Aspiring for an artistic year
Published 8:00 pm Saturday, December 29, 2012
Organizers gearing up for 2013 entertainment
Even as 2012 serves up its last hurrah, local entertainment leaders are planting the seeds for an eventful 2013.
The Paramount Theatre’s spring schedule is already taking shape, and will feature visits from big-name bands from back in the day.
“We have two really big events happening this spring,” said Jennie Knoebel, executive director of the Paramount Theatre.
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The first one is on March 2, when The Lovin’ Spoonful plays the Paramount. The ’60s band, which split up in 1969, got back together in 1991 to keep playing music. They were inducted into the Rock and Roll Hall of Fame in 2000, and still have three of their four original members.
Knoebel points to hit songs like “Do You Believe in Magic?” and “Summer in the City” for examples of their music that people may know.
“They were a really popular band,” she said.
The month after, Nashville-born country band Little Texas comes to town. The group became popular in the 80s with their No. 1 single “God Blessed Texas.” Its songs first hit the radio a little more than 20 years ago, and its newest album hit shelves in 2007. The band is currently on tour across the country.
While the Paramount has about half of 2013 spoken for, the rest of the year’s schedule is still in the works.
“We’re pretty much just booked through May,” she said. The staff is working on solidifying the summer schedule now, she added.
But there’s another large plan in the works outside the Paramount for later in the year.
Following the first annual Austin ArtWorks Festival that took place in August, Knoebel is working as the event’s director to put together its sophomore effort this coming year.
“We are just starting to put out applications for authors and artists to fill out,” she said. “There are potentially some big names that may be coming in.”
The first year’s event brought writers, painters, photographers and more to Austin to showcase their work. All of them had connections to the area, whether they had grown up in the community or had moved to it.
Initially, some artists were hesitant about participating, but interest in the festival snowballed after painter Eric Anfinson agreed to come all the way from his studio in Key West, Fla., to present his work. Eventually, the organizing committee had to turn away applicants because the festival had run out of space at the downtown Austin Utilities plant where it was held.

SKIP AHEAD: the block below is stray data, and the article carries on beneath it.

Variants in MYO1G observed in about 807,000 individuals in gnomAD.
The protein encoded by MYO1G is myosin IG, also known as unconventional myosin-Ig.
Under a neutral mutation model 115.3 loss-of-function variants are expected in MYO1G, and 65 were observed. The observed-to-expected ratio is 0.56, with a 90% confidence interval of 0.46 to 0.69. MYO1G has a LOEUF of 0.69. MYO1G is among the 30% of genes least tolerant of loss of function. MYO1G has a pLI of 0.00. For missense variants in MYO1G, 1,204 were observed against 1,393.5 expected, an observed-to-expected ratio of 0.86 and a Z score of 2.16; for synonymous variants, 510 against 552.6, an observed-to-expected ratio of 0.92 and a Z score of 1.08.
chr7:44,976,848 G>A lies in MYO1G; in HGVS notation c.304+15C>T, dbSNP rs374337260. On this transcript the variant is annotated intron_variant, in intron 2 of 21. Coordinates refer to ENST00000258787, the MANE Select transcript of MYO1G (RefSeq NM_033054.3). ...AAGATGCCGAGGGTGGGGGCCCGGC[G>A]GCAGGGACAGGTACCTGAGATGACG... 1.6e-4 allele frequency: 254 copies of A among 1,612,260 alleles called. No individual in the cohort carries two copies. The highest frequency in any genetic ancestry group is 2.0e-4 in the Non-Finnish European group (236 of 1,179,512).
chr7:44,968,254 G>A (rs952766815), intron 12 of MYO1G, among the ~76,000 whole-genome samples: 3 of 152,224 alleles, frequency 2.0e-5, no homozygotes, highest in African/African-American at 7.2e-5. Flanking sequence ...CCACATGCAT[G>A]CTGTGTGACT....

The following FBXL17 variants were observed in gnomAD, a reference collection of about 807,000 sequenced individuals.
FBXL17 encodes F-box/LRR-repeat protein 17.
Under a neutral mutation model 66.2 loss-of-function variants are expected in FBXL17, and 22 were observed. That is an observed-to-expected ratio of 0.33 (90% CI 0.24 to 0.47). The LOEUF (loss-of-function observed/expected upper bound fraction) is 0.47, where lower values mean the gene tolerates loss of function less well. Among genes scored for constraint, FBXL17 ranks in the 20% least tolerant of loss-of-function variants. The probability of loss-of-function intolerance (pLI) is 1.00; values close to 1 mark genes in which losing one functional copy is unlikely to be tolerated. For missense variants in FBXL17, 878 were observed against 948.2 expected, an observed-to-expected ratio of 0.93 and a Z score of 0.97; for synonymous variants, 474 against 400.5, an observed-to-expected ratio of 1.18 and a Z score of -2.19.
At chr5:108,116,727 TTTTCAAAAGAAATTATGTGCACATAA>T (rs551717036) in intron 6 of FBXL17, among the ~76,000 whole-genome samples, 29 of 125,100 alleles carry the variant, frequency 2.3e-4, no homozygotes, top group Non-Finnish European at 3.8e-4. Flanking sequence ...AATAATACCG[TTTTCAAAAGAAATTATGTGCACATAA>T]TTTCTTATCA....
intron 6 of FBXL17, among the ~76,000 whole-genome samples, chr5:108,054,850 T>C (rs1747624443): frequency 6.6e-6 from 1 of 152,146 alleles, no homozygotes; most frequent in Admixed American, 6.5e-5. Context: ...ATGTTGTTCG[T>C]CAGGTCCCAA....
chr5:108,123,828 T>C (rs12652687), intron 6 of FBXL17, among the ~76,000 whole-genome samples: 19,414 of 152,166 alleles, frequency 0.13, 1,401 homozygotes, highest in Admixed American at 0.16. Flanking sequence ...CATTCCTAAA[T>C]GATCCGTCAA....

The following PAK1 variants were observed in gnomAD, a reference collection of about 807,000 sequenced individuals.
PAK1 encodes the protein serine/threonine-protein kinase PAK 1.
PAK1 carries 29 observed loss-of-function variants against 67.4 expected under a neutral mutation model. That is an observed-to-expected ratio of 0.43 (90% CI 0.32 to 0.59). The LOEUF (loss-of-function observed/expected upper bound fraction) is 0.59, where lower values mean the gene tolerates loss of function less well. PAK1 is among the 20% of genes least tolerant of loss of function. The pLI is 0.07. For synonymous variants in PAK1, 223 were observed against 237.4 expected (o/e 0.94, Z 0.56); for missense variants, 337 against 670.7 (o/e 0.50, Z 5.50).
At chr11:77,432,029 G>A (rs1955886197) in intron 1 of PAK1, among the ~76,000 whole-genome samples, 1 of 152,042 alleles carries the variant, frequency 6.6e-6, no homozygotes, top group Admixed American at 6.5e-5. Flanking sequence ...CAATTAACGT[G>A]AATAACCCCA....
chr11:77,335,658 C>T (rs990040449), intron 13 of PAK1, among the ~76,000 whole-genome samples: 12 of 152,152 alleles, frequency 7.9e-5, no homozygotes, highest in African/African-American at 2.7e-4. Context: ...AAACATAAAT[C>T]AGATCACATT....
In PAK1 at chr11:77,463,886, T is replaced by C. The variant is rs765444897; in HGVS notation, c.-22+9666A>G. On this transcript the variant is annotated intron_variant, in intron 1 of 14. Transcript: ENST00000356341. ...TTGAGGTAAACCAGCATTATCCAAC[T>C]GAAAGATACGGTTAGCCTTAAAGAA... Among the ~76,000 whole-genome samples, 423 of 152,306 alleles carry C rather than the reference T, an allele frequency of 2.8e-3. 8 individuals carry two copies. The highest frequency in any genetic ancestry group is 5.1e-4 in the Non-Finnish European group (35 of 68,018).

“We were so excited how successful it was,” said Bonnie Rietz, co-chair of the ArtWorks Festival.
Compared with last year’s festival, the upcoming one should be larger, with shorter gallery hours and live music that lasts further into the evening. That was one of the suggestions a visitor made at the first festival. There may also be some adjustments to give the gallery some breathing room and let those listening to authors do so in a quieter environment.
“We may relocate the authors to their own spot so the main gallery floor may be larger than it was last year,” Knoebel said.
Another possible change would be to make more children-oriented activities at the festival, though nothing is set in stone yet.
Rietz said the event’s second year will build off the momentum from last year. Seeing how well everything went the first time makes it easier to plan for the second.
“We’re very excited about the Austin ArtWorks Festival happening again this year,” she said. “It’s like a great homecoming for the art people in the community when they come back.”
The majority of planning will begin in January, when a larger group will begin to meet in addition to a steering committee.
Those interested in keeping in touch with developments in planning the next festival can check in periodically at www.austinartworksfestival.org.